The portion that is best for skating is from the pullout at Milepost 100 of the Seward Highway to Girdwood. This is a 20 mile round trip. The beginning and end are 8 feet wide; the bulk of this is 10 feet. There are 2 steep hills that are 12 feet wide.
West of Bird Point the trail has a mile-long level section (always fun to skate, especially with a tailwind), the rest is hilly and winding.
East of Bird Point it climbs then descends a couple hundred vertical feet. I have measured grades greater than 6% in this area.
The trail has its share of root cracks (even on one of the steepest slopes) to be aware of.
SKATERS NEED TO HAVE GOOD BRAKING SKILLS ON THIS TRAIL!!! I always carry a "brake pole" (similar to a hockey stick with a rubber foot instead of a blade). I drag it to slow my speed; I have never skated the 20 miles without needing to use it.
Approach it cautiously, control your speed, and enjoy the trail!
I saw a moose closeup on the wooded section of the coastal trail past the airport. The views of Anchorage and the mountain range across the water are breathtaking. Surface is smooth, it gets somewhat hilly at Earthquake Park (with a very interesting exhibit) and the airport runway. Mileage markers are somewhat confusing since mile 0 is not at the downtown terminus, but at Westchester Lagoon about 2.5 miles from the Alaska Railroad Depot, then runs along the water to the airport then through dense forest for another 9 miles or so for a total of 11 miles.
After arriving at noon on the cruise train from Seward we first went to Flattop Mountain on the shuttle bus from Downtown Bicycle Rental on 4th Ave. See my review of the Flattop Mountain Trail for details. Make sure you make a reservation, call again on the day of your reservation, and also get back on time on the return trip so they do not leave without you. The owner, who operates the shuttle, is quite a character and his included tour of Anchorage is informative and sprinkled with a good portion of humor and opinion. Everyone was extremely helpful and polite. the even let us use a backpack for free. They give you a discount if you rent bicycles on the same day, so I also rode the Coastal Trail on a rental bike and thoroughly enjoyed it. They take great care to fit you with the appropriate bike and gave us detailed instructions regarding all the trails with free detailed maps.
Was working in Anchorage and Fairbanks on travel assignments. Rode this beautiful windy uphill trail from Bird to Alyeska Resort. Ok I know you want to know about the trail, but I want to describe the bear. I saw many a moose while working in Anchorage, not so in Fairbanks, but the bear on the trail will stay in my memory till I die or get dementia. One of my travel nurse buddies paid $800 to take a bush flight to see the bears and here we were a stones throw from one for the price of a bike rental. (We were on assignment in Fairbanks and few to Anchorage for a cosmopolitan weekend) The bear got wind of our sent looked up tilted his head and headed to the woods. We rode on to Alyeska threw down some liquid courage and rode back FAST DOWNHILL WITH 50 MILE AN HOUR TAIL WINDS. It could not have been more exciting!! (They even closed the airport for several hours due to the high winds.) It amazes me how fast one can ride down hill, with tail winds, under the influence, and screaming most of the way-to warn the bears of course. If in Anchorage (and an avid biker) this trail is splendid and should not be missed.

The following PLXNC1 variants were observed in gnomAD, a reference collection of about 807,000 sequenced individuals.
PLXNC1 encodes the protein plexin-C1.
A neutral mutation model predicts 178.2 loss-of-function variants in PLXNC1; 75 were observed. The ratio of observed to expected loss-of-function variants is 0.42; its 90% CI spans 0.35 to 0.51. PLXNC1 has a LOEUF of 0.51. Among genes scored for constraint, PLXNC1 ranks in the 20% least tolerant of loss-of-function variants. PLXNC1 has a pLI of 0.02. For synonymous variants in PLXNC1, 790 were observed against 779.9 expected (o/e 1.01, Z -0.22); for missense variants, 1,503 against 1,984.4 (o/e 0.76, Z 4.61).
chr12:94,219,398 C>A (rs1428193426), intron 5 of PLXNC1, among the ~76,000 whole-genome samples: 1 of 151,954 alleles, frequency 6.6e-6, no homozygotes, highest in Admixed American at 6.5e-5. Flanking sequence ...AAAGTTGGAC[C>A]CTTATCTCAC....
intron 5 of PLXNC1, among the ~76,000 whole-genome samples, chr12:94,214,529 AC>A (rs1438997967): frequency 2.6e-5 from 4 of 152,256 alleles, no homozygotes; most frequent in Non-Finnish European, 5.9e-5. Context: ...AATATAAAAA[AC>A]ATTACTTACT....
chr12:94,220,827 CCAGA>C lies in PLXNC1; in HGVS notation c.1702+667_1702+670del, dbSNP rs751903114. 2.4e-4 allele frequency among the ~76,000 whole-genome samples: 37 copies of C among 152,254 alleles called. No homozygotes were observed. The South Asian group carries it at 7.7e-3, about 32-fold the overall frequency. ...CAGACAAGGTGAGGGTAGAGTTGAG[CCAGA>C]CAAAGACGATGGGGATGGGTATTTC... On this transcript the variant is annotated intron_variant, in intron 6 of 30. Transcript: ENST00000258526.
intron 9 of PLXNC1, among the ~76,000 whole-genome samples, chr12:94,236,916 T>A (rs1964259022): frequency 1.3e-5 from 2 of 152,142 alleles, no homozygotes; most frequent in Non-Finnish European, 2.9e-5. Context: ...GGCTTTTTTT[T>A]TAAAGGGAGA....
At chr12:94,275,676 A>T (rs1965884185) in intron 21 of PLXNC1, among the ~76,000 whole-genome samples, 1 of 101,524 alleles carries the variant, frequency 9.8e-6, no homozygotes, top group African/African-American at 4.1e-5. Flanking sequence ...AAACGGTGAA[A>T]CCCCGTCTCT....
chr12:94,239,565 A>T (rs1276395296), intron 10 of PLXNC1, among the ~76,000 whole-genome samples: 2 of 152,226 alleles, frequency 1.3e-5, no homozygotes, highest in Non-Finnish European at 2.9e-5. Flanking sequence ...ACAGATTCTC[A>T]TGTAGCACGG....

Great trail, you can start at either end. The trail is kept clear of any obstacles that may impede a wheel chair. Beautiful views of the mountains, Kachemak Bay and the Homer Harbor. There are many shops and restaurants along the way.
Ran here in 2007 from Kincaid Park north.That was a great experience.In August,2016 while on vacation;I ran from Earthquake Park towards Anchorage one day and Earthquake Park towards the Airport the next day.This trail affords you views of snow capped Mountains,Cook Inlet,and miles of heavy forest lined with Birch,Aspen and other trees.Running towards the Airport is more hilly.I've run in hundreds of places in the USA due to work travel.This trail is one of the most scenic.Considering Anchorage's winters of ice/snow,the asphalt trail is in excellent condition.If you are in Anchorage,run this trail.You will be happy you did.
A nice little shaded trail following the meandering creek. I made a giant loop by taking the Chester Creek trail to the Tony Knowles trail and then did some on road riding to hitch up to Campbell creek. About 30 miles total. Only minor issue was that you had to cross a major road toward the end.
My first visit to Alaska and my first trail. I found this trail amazing, not real hard to bike or walk, wild life, beautiful creek, great sitting areas and a cozy lake as my nephew say's to sit and relax by. Everyone on the trail was friendly from the human to the dog ¿¿.